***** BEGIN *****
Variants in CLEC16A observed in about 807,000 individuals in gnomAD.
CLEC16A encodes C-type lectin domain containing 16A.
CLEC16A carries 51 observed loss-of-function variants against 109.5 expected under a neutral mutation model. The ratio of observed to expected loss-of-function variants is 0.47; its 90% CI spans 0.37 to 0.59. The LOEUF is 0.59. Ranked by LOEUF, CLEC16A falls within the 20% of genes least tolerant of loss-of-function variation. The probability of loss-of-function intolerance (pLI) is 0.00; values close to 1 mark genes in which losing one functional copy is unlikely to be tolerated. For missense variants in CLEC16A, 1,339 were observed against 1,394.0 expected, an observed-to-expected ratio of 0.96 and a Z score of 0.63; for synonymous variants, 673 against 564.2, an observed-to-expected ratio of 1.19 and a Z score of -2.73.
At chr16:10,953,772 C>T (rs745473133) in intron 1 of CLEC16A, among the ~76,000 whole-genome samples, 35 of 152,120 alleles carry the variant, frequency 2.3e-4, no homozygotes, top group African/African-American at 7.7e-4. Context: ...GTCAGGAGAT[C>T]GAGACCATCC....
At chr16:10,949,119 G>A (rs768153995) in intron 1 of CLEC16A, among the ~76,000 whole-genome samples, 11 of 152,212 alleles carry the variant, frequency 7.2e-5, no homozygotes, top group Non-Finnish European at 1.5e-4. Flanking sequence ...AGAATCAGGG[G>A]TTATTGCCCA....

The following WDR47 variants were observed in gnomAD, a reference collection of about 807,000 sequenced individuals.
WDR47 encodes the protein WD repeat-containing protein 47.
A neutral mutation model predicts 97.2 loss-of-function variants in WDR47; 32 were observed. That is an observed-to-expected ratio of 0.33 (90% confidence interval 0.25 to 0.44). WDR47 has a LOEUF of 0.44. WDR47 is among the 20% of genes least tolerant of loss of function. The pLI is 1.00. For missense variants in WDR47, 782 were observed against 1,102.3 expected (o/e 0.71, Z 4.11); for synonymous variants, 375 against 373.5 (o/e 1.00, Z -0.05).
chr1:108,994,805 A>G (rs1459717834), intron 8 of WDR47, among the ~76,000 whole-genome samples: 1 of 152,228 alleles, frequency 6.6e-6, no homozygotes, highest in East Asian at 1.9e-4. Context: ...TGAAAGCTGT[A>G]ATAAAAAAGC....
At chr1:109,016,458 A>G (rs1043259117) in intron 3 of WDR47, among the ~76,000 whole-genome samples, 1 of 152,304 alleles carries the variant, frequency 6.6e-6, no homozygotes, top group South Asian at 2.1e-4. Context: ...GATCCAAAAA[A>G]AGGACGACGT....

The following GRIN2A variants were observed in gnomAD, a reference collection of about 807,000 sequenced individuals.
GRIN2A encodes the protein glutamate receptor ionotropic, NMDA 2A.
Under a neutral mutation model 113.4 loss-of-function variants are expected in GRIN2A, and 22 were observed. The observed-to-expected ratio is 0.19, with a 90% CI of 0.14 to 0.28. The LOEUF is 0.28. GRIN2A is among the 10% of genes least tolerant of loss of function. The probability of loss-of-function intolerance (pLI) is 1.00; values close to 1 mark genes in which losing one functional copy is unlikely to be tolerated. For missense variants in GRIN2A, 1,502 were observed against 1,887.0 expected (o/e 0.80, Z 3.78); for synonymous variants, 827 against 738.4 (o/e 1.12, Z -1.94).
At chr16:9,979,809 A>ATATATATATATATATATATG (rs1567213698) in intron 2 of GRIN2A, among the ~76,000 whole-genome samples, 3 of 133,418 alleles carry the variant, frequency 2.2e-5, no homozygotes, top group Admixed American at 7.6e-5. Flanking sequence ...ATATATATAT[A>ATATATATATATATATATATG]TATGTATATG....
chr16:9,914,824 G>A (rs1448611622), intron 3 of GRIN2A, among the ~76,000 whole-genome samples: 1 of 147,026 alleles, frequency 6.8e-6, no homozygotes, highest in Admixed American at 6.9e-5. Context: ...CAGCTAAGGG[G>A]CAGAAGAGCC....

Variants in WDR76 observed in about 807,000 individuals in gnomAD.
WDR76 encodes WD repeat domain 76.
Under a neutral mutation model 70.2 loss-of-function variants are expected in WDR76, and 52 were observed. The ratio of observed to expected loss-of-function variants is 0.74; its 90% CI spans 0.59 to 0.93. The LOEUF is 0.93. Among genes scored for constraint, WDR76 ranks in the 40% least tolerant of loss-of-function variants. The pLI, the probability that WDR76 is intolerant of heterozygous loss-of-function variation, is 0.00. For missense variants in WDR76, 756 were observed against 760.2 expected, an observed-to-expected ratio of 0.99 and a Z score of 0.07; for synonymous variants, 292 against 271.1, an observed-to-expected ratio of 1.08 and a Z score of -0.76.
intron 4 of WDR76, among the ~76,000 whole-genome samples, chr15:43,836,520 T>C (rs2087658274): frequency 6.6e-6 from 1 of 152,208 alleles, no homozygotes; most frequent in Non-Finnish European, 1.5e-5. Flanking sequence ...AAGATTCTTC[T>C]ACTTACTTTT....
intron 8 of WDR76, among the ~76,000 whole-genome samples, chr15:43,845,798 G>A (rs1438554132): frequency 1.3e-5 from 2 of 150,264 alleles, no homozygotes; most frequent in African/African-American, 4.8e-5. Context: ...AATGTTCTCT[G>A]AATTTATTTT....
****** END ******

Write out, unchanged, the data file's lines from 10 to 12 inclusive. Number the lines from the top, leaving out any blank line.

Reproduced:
At chr1:109,016,458 A>G (rs1043259117) in intron 3 of WDR47, among the ~76,000 whole-genome samples, 1 of 152,304 alleles carries the variant, frequency 6.6e-6, no homozygotes, top group South Asian at 2.1e-4. Context: ...GATCCAAAAA[A>G]AGGACGACGT....

The following GRIN2A variants were observed in gnomAD, a reference collection of about 807,000 sequenced individuals.
GRIN2A encodes the protein glutamate receptor ionotropic, NMDA 2A.